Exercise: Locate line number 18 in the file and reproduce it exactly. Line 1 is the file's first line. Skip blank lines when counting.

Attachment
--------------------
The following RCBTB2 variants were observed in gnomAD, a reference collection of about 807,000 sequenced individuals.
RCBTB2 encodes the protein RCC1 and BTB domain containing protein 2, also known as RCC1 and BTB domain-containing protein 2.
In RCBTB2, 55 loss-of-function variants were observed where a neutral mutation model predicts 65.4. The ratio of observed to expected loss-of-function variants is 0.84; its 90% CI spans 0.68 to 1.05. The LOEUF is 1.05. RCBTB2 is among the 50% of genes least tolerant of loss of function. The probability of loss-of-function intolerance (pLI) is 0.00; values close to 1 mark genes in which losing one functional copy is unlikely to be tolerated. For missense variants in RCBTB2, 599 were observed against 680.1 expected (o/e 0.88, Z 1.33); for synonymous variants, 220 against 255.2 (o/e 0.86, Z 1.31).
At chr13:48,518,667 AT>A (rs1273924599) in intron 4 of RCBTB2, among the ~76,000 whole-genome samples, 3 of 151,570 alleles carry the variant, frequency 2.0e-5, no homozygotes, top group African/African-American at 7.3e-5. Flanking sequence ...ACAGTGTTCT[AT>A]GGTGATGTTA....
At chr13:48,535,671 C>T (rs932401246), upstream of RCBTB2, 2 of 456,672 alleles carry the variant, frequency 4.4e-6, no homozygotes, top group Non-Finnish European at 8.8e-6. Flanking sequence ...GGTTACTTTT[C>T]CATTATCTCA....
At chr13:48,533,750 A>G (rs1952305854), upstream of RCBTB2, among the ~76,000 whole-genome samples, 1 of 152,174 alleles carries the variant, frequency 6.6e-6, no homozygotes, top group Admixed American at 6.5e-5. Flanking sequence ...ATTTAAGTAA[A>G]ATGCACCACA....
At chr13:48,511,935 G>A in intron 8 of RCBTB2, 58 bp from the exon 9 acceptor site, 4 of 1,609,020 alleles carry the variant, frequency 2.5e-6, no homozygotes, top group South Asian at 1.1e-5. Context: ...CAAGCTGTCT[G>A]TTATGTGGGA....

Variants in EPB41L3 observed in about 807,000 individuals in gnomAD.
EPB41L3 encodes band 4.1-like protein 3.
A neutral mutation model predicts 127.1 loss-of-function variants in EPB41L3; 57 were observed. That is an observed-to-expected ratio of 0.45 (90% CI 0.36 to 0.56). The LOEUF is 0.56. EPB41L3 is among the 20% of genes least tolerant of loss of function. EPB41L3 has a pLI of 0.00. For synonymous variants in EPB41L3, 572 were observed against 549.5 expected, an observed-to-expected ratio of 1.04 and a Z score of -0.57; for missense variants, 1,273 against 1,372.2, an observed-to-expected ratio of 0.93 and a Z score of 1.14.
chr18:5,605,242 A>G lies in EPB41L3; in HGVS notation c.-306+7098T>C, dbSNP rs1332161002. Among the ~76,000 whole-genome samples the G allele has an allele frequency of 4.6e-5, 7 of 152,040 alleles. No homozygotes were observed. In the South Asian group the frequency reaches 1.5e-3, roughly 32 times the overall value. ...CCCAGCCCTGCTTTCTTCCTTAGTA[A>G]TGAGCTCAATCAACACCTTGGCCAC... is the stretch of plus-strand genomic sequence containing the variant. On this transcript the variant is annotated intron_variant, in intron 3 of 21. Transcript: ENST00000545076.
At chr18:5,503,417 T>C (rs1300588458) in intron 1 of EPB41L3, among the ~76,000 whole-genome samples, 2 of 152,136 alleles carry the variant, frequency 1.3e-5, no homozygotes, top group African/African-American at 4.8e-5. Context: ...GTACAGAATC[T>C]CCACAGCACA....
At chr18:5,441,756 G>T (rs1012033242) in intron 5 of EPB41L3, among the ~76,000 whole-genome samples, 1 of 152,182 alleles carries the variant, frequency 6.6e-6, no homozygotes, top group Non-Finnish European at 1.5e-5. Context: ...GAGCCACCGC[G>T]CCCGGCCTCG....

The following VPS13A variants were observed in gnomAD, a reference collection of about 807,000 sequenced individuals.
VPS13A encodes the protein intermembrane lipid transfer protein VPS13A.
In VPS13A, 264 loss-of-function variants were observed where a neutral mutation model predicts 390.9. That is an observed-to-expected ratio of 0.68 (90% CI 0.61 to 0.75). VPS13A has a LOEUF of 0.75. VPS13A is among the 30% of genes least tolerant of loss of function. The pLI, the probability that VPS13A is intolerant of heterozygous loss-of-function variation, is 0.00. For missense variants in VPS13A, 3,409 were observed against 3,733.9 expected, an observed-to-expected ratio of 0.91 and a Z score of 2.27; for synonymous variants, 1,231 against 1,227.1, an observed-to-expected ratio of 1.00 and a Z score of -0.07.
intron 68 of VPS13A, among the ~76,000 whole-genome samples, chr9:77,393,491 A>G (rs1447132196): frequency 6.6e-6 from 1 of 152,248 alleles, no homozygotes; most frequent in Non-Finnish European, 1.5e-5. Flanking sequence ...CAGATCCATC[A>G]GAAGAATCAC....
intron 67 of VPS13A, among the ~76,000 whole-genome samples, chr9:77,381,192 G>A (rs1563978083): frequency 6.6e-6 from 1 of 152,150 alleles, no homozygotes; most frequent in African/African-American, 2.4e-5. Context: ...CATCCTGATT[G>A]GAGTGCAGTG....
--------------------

intron 67 of VPS13A, among the ~76,000 whole-genome samples, chr9:77,381,192 G>A (rs1563978083): frequency 6.6e-6 from 1 of 152,150 alleles, no homozygotes; most frequent in African/African-American, 2.4e-5. Context: ...CATCCTGATT[G>A]GAGTGCAGTG....